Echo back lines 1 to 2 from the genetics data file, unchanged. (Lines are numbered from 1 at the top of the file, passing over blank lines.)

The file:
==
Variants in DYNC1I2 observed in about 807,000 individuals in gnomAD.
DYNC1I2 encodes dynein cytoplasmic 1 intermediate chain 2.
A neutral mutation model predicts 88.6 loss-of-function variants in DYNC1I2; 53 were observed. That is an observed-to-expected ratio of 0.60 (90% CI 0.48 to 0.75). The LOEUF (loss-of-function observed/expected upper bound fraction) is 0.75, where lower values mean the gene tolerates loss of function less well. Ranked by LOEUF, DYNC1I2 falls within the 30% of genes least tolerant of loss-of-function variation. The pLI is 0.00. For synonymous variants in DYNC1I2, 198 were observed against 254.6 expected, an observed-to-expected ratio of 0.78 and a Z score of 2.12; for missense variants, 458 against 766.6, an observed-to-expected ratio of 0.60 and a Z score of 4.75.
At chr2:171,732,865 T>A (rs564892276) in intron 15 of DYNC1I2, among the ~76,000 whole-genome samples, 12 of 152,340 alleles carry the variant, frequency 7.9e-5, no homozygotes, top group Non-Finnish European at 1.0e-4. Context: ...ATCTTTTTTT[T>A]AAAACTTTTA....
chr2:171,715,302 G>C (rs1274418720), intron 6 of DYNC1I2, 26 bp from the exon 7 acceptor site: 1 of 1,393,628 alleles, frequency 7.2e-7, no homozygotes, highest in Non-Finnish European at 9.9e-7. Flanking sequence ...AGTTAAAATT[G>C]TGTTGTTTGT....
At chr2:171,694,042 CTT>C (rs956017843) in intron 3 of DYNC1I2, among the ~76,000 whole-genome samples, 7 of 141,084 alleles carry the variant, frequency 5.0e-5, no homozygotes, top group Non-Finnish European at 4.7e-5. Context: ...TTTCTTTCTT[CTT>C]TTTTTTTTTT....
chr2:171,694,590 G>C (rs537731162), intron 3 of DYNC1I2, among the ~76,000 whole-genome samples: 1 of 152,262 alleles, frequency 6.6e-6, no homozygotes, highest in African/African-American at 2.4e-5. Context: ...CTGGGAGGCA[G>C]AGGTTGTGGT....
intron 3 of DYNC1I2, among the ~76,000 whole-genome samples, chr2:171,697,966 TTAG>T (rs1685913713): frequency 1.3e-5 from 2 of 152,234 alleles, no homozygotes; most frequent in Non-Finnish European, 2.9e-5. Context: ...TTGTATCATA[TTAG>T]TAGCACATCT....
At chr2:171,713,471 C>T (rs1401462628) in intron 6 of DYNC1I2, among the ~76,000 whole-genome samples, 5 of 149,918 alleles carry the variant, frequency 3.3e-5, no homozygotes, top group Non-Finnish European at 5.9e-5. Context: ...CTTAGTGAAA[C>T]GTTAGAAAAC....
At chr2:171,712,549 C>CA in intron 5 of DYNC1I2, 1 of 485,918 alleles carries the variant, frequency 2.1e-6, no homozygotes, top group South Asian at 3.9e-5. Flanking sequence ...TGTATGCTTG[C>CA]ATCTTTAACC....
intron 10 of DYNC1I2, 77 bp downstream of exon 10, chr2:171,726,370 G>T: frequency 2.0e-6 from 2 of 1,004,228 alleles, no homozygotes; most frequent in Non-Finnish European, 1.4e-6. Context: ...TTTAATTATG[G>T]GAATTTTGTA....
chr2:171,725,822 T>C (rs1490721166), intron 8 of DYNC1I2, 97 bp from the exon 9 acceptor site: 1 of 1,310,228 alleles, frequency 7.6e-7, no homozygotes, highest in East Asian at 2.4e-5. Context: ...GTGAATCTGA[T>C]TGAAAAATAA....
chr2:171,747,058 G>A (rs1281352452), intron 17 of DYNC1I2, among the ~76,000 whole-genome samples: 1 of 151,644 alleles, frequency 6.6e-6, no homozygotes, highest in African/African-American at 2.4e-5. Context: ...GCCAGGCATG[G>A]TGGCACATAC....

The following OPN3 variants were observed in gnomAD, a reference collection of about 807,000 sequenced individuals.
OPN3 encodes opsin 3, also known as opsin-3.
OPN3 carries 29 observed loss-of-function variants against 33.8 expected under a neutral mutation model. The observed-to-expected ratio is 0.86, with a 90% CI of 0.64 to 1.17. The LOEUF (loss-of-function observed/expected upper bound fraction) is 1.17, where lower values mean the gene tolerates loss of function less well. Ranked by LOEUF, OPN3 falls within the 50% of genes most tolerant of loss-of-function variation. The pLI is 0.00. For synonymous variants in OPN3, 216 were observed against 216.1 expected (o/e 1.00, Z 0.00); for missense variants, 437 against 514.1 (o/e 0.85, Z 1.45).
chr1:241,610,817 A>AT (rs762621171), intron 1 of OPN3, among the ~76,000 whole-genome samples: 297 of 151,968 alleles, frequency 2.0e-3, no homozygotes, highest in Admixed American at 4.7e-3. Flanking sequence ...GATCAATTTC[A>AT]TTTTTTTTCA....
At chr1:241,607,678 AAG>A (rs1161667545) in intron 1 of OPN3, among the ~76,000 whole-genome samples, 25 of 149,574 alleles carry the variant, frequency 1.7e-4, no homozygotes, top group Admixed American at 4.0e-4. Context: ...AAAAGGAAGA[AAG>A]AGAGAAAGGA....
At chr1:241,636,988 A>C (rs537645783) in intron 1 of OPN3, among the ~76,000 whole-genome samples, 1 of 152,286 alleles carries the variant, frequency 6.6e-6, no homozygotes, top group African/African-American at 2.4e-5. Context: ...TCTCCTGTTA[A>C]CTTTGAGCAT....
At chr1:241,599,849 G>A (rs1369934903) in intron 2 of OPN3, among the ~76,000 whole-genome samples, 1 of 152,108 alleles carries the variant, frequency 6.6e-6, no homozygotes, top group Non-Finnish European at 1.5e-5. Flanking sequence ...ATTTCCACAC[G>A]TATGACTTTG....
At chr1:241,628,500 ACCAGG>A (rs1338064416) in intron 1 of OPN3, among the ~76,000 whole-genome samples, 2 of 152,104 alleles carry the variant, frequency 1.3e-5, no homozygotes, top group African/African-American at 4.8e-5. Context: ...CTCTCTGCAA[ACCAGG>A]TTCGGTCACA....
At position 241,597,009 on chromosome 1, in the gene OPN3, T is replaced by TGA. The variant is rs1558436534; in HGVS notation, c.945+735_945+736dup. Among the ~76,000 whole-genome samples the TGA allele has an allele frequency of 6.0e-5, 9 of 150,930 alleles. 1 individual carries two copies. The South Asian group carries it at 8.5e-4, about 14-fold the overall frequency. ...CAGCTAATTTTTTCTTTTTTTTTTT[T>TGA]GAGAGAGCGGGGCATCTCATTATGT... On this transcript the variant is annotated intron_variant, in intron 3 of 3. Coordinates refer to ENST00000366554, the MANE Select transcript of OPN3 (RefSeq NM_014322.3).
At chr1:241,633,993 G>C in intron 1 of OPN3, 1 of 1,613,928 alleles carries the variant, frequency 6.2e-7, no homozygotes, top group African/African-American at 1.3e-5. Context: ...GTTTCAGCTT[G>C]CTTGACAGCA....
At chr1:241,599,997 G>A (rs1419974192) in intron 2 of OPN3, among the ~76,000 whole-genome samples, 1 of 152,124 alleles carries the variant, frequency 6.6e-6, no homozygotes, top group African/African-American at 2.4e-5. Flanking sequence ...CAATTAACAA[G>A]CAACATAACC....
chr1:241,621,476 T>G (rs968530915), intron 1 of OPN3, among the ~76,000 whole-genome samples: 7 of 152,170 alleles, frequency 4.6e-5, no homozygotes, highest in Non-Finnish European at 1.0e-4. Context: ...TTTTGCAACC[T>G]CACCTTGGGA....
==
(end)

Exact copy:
Variants in DYNC1I2 observed in about 807,000 individuals in gnomAD.
DYNC1I2 encodes dynein cytoplasmic 1 intermediate chain 2.